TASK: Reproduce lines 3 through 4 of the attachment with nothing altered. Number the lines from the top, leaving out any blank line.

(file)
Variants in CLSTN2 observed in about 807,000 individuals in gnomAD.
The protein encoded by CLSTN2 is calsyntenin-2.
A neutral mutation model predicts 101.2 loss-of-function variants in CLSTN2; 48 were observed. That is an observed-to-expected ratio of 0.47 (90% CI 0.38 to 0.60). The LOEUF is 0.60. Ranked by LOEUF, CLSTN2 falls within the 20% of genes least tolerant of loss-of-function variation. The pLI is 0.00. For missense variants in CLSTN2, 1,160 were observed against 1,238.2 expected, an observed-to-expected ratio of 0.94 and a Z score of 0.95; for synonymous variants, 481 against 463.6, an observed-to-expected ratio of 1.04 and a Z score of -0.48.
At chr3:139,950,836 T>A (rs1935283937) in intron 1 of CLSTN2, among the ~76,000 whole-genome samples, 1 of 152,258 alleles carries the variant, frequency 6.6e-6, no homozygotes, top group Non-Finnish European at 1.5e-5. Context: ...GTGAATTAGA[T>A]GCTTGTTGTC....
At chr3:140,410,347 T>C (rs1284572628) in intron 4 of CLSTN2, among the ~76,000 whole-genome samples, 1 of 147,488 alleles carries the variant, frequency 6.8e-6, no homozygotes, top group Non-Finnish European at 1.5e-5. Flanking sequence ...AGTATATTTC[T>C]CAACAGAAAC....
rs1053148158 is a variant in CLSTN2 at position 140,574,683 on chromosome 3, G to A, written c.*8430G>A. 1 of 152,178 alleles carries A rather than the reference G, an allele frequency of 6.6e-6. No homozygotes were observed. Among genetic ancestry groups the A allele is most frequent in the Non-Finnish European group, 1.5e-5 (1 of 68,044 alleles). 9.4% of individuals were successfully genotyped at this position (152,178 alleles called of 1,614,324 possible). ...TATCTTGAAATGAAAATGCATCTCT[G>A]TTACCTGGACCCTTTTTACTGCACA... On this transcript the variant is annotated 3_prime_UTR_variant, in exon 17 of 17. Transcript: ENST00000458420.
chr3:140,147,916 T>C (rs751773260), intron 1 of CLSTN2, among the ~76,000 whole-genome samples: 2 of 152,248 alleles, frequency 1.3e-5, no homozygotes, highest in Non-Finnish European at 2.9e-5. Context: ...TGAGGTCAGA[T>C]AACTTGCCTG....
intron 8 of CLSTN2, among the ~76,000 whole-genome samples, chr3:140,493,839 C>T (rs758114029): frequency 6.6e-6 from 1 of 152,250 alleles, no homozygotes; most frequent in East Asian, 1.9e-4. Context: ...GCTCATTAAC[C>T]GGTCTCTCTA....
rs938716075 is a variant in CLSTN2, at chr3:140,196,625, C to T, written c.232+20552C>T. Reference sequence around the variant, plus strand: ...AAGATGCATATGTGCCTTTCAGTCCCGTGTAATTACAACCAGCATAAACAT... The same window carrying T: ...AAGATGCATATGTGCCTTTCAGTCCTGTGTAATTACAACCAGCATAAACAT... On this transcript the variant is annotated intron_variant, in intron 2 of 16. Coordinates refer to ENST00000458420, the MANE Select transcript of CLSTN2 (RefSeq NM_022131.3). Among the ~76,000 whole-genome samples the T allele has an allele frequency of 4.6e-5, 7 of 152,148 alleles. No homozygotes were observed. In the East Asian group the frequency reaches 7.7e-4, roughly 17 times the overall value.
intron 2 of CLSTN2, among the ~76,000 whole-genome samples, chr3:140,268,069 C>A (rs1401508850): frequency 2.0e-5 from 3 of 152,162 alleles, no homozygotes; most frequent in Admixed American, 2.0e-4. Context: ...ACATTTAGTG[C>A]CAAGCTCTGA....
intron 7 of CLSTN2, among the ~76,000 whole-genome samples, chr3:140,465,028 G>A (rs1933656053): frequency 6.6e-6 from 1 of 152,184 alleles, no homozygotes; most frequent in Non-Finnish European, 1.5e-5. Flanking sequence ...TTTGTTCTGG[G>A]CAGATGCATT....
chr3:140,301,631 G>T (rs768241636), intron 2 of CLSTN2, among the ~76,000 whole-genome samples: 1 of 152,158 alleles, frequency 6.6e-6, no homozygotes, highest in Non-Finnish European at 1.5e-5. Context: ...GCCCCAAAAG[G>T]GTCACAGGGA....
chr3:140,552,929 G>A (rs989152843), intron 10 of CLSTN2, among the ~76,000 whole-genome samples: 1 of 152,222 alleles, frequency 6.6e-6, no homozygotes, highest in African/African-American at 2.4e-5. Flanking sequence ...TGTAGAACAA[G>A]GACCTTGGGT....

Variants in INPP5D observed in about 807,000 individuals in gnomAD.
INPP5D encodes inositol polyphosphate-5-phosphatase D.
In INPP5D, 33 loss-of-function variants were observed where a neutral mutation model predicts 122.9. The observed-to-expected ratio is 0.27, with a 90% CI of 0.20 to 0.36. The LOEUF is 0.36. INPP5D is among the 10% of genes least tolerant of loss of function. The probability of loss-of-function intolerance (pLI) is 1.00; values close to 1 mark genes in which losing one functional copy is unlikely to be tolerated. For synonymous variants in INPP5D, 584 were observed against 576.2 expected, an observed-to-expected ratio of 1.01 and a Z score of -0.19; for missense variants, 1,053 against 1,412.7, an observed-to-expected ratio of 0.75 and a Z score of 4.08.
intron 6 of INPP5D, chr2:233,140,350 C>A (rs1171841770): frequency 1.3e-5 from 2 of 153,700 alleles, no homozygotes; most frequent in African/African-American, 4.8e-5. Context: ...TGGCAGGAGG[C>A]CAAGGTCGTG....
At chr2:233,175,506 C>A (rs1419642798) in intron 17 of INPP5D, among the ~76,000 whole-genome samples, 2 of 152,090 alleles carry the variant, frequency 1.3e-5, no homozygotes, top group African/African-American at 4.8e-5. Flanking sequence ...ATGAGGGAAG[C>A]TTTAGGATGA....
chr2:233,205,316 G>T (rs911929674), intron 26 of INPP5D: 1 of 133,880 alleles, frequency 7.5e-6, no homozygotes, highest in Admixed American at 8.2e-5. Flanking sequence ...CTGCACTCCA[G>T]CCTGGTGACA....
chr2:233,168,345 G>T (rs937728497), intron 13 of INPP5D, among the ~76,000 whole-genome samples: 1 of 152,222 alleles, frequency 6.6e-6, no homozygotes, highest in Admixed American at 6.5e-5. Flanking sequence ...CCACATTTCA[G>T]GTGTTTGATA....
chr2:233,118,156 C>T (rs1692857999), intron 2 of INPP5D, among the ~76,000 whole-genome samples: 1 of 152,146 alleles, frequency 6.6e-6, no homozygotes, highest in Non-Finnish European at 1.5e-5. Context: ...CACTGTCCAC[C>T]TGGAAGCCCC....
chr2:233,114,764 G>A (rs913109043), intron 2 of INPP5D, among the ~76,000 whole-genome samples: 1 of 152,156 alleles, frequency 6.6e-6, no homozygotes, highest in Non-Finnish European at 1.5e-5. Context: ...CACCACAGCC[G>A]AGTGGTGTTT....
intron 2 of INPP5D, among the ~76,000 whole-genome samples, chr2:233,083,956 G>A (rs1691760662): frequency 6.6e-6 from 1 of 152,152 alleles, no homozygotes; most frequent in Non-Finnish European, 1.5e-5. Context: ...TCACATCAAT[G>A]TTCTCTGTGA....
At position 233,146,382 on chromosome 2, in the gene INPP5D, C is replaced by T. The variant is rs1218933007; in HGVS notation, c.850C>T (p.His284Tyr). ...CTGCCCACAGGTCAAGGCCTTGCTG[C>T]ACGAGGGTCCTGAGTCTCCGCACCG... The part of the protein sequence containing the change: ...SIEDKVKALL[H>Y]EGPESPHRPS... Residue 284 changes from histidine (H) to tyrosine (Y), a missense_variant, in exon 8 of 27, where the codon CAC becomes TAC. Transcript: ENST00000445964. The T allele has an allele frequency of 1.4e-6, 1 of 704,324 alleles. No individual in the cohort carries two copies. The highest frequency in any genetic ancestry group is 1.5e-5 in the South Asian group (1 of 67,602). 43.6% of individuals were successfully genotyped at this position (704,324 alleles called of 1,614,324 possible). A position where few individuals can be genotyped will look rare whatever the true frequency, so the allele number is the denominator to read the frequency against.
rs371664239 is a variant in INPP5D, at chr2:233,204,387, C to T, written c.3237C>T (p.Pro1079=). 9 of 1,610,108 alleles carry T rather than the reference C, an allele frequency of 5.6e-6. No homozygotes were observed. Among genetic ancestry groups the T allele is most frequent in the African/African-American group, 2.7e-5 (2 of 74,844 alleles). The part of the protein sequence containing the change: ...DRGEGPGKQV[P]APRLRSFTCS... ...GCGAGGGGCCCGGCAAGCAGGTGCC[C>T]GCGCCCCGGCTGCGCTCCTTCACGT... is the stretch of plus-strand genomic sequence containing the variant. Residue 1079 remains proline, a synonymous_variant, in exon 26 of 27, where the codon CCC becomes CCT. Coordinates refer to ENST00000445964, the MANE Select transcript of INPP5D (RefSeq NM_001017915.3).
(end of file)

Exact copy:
A neutral mutation model predicts 101.2 loss-of-function variants in CLSTN2; 48 were observed. That is an observed-to-expected ratio of 0.47 (90% CI 0.38 to 0.60). The LOEUF is 0.60. Ranked by LOEUF, CLSTN2 falls within the 20% of genes least tolerant of loss-of-function variation. The pLI is 0.00. For missense variants in CLSTN2, 1,160 were observed against 1,238.2 expected, an observed-to-expected ratio of 0.94 and a Z score of 0.95; for synonymous variants, 481 against 463.6, an observed-to-expected ratio of 1.04 and a Z score of -0.48.
At chr3:139,950,836 T>A (rs1935283937) in intron 1 of CLSTN2, among the ~76,000 whole-genome samples, 1 of 152,258 alleles carries the variant, frequency 6.6e-6, no homozygotes, top group Non-Finnish European at 1.5e-5. Context: ...GTGAATTAGA[T>A]GCTTGTTGTC....